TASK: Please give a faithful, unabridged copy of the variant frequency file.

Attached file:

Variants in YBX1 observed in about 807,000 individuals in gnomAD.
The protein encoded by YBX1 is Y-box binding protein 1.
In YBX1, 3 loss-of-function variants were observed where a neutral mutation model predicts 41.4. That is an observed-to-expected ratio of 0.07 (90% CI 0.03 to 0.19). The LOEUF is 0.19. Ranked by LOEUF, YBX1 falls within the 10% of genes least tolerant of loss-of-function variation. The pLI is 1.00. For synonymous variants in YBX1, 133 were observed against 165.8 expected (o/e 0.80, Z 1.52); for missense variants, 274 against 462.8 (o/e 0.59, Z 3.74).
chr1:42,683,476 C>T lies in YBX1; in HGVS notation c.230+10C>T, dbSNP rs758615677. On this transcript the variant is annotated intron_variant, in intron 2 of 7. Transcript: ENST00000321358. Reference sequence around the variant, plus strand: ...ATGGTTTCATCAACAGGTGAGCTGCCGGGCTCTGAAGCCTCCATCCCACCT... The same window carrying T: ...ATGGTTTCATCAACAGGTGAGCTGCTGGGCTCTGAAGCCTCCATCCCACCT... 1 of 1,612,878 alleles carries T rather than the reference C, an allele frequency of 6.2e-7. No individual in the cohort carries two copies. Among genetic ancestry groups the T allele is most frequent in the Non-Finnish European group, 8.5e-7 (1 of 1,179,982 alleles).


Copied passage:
Variants in YBX1 observed in about 807,000 individuals in gnomAD.
The protein encoded by YBX1 is Y-box binding protein 1.
In YBX1, 3 loss-of-function variants were observed where a neutral mutation model predicts 41.4. That is an observed-to-expected ratio of 0.07 (90% CI 0.03 to 0.19). The LOEUF is 0.19. Ranked by LOEUF, YBX1 falls within the 10% of genes least tolerant of loss-of-function variation. The pLI is 1.00. For synonymous variants in YBX1, 133 were observed against 165.8 expected (o/e 0.80, Z 1.52); for missense variants, 274 against 462.8 (o/e 0.59, Z 3.74).
chr1:42,683,476 C>T lies in YBX1; in HGVS notation c.230+10C>T, dbSNP rs758615677. On this transcript the variant is annotated intron_variant, in intron 2 of 7. Transcript: ENST00000321358. Reference sequence around the variant, plus strand: ...ATGGTTTCATCAACAGGTGAGCTGCCGGGCTCTGAAGCCTCCATCCCACCT... The same window carrying T: ...ATGGTTTCATCAACAGGTGAGCTGCTGGGCTCTGAAGCCTCCATCCCACCT... 1 of 1,612,878 alleles carries T rather than the reference C, an allele frequency of 6.2e-7. No individual in the cohort carries two copies. Among genetic ancestry groups the T allele is most frequent in the Non-Finnish European group, 8.5e-7 (1 of 1,179,982 alleles).